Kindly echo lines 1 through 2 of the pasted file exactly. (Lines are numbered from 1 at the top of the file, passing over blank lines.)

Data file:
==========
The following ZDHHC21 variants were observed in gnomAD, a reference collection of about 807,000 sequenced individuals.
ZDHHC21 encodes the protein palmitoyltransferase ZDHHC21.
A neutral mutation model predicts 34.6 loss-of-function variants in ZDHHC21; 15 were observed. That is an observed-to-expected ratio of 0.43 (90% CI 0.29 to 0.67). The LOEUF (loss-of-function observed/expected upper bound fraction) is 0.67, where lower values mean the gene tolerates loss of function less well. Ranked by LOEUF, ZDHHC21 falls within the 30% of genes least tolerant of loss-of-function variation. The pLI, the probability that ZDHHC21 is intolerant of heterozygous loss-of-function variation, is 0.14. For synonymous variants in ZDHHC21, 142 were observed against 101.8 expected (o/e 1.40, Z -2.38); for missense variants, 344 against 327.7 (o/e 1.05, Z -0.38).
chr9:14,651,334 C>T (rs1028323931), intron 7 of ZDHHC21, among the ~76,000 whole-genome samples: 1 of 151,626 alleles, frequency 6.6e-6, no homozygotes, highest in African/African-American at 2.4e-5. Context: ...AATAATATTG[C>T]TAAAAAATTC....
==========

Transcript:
The following ZDHHC21 variants were observed in gnomAD, a reference collection of about 807,000 sequenced individuals.
ZDHHC21 encodes the protein palmitoyltransferase ZDHHC21.